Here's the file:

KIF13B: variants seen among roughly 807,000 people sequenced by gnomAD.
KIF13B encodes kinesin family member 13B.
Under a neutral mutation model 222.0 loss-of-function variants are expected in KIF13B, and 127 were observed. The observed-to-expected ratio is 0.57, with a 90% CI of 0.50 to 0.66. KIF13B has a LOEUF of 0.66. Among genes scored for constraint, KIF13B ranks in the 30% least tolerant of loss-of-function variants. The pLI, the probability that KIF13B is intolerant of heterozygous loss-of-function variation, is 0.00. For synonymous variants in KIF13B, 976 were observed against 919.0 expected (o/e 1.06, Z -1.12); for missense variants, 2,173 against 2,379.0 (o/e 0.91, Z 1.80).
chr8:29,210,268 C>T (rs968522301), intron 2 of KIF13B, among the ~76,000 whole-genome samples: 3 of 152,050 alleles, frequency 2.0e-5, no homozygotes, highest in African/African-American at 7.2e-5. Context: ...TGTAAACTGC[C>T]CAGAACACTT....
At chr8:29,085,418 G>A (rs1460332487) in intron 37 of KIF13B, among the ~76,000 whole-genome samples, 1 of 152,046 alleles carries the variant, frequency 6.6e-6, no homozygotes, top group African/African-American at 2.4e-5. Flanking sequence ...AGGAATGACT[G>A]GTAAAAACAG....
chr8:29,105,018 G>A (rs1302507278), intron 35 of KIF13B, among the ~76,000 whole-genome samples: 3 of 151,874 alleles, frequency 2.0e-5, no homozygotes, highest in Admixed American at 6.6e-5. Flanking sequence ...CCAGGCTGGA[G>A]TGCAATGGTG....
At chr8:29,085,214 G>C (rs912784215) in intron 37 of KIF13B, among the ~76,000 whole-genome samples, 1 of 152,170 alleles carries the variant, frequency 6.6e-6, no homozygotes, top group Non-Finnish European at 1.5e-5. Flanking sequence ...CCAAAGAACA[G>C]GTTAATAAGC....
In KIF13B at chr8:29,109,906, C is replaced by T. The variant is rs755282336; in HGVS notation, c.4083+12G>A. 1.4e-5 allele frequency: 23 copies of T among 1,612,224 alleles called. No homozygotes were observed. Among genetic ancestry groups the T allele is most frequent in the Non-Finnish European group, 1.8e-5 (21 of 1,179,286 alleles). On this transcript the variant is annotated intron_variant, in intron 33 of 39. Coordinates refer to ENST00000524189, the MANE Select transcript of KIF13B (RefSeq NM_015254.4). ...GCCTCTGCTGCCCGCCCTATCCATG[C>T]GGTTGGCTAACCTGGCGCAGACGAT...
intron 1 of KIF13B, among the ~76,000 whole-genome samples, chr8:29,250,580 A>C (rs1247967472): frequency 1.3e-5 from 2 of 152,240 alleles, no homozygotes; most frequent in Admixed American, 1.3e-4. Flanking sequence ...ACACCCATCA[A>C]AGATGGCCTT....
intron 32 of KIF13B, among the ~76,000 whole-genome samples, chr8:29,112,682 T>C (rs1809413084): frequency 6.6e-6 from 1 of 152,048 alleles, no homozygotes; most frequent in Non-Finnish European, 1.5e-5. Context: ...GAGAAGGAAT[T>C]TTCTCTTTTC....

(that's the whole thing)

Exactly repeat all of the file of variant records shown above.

KIF13B: variants seen among roughly 807,000 people sequenced by gnomAD.
KIF13B encodes kinesin family member 13B.
Under a neutral mutation model 222.0 loss-of-function variants are expected in KIF13B, and 127 were observed. The observed-to-expected ratio is 0.57, with a 90% CI of 0.50 to 0.66. KIF13B has a LOEUF of 0.66. Among genes scored for constraint, KIF13B ranks in the 30% least tolerant of loss-of-function variants. The pLI, the probability that KIF13B is intolerant of heterozygous loss-of-function variation, is 0.00. For synonymous variants in KIF13B, 976 were observed against 919.0 expected (o/e 1.06, Z -1.12); for missense variants, 2,173 against 2,379.0 (o/e 0.91, Z 1.80).
chr8:29,210,268 C>T (rs968522301), intron 2 of KIF13B, among the ~76,000 whole-genome samples: 3 of 152,050 alleles, frequency 2.0e-5, no homozygotes, highest in African/African-American at 7.2e-5. Context: ...TGTAAACTGC[C>T]CAGAACACTT....
At chr8:29,085,418 G>A (rs1460332487) in intron 37 of KIF13B, among the ~76,000 whole-genome samples, 1 of 152,046 alleles carries the variant, frequency 6.6e-6, no homozygotes, top group African/African-American at 2.4e-5. Flanking sequence ...AGGAATGACT[G>A]GTAAAAACAG....
chr8:29,105,018 G>A (rs1302507278), intron 35 of KIF13B, among the ~76,000 whole-genome samples: 3 of 151,874 alleles, frequency 2.0e-5, no homozygotes, highest in Admixed American at 6.6e-5. Flanking sequence ...CCAGGCTGGA[G>A]TGCAATGGTG....
At chr8:29,085,214 G>C (rs912784215) in intron 37 of KIF13B, among the ~76,000 whole-genome samples, 1 of 152,170 alleles carries the variant, frequency 6.6e-6, no homozygotes, top group Non-Finnish European at 1.5e-5. Flanking sequence ...CCAAAGAACA[G>C]GTTAATAAGC....
In KIF13B at chr8:29,109,906, C is replaced by T. The variant is rs755282336; in HGVS notation, c.4083+12G>A. 1.4e-5 allele frequency: 23 copies of T among 1,612,224 alleles called. No homozygotes were observed. Among genetic ancestry groups the T allele is most frequent in the Non-Finnish European group, 1.8e-5 (21 of 1,179,286 alleles). On this transcript the variant is annotated intron_variant, in intron 33 of 39. Coordinates refer to ENST00000524189, the MANE Select transcript of KIF13B (RefSeq NM_015254.4). ...GCCTCTGCTGCCCGCCCTATCCATG[C>T]GGTTGGCTAACCTGGCGCAGACGAT...
intron 1 of KIF13B, among the ~76,000 whole-genome samples, chr8:29,250,580 A>C (rs1247967472): frequency 1.3e-5 from 2 of 152,240 alleles, no homozygotes; most frequent in Admixed American, 1.3e-4. Flanking sequence ...ACACCCATCA[A>C]AGATGGCCTT....
intron 32 of KIF13B, among the ~76,000 whole-genome samples, chr8:29,112,682 T>C (rs1809413084): frequency 6.6e-6 from 1 of 152,048 alleles, no homozygotes; most frequent in Non-Finnish European, 1.5e-5. Context: ...GAGAAGGAAT[T>C]TTCTCTTTTC....